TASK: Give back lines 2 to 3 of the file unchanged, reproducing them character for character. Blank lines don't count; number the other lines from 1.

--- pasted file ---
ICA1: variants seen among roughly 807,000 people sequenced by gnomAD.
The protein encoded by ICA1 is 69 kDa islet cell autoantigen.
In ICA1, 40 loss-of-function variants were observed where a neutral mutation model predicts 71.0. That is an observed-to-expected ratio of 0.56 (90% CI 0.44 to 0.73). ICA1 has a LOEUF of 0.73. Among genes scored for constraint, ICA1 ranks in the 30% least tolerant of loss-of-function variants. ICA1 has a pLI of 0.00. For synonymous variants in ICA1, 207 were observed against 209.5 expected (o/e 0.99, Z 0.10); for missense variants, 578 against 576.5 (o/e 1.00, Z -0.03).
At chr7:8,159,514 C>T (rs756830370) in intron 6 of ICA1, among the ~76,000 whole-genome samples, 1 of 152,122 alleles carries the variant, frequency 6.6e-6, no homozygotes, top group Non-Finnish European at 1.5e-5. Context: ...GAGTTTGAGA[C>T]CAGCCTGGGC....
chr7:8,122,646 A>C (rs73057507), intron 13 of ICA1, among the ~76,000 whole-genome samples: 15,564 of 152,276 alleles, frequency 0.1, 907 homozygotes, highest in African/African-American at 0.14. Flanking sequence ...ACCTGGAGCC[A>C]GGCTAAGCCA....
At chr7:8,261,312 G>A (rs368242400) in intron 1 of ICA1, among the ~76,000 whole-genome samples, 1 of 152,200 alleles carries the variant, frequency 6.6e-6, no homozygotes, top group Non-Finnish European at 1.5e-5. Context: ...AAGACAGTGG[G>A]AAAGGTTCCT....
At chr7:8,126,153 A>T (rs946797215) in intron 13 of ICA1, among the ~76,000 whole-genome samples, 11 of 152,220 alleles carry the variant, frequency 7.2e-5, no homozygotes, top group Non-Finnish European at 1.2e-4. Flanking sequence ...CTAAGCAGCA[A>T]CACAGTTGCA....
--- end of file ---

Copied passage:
The protein encoded by ICA1 is 69 kDa islet cell autoantigen.
In ICA1, 40 loss-of-function variants were observed where a neutral mutation model predicts 71.0. That is an observed-to-expected ratio of 0.56 (90% CI 0.44 to 0.73). ICA1 has a LOEUF of 0.73. Among genes scored for constraint, ICA1 ranks in the 30% least tolerant of loss-of-function variants. ICA1 has a pLI of 0.00. For synonymous variants in ICA1, 207 were observed against 209.5 expected (o/e 0.99, Z 0.10); for missense variants, 578 against 576.5 (o/e 1.00, Z -0.03).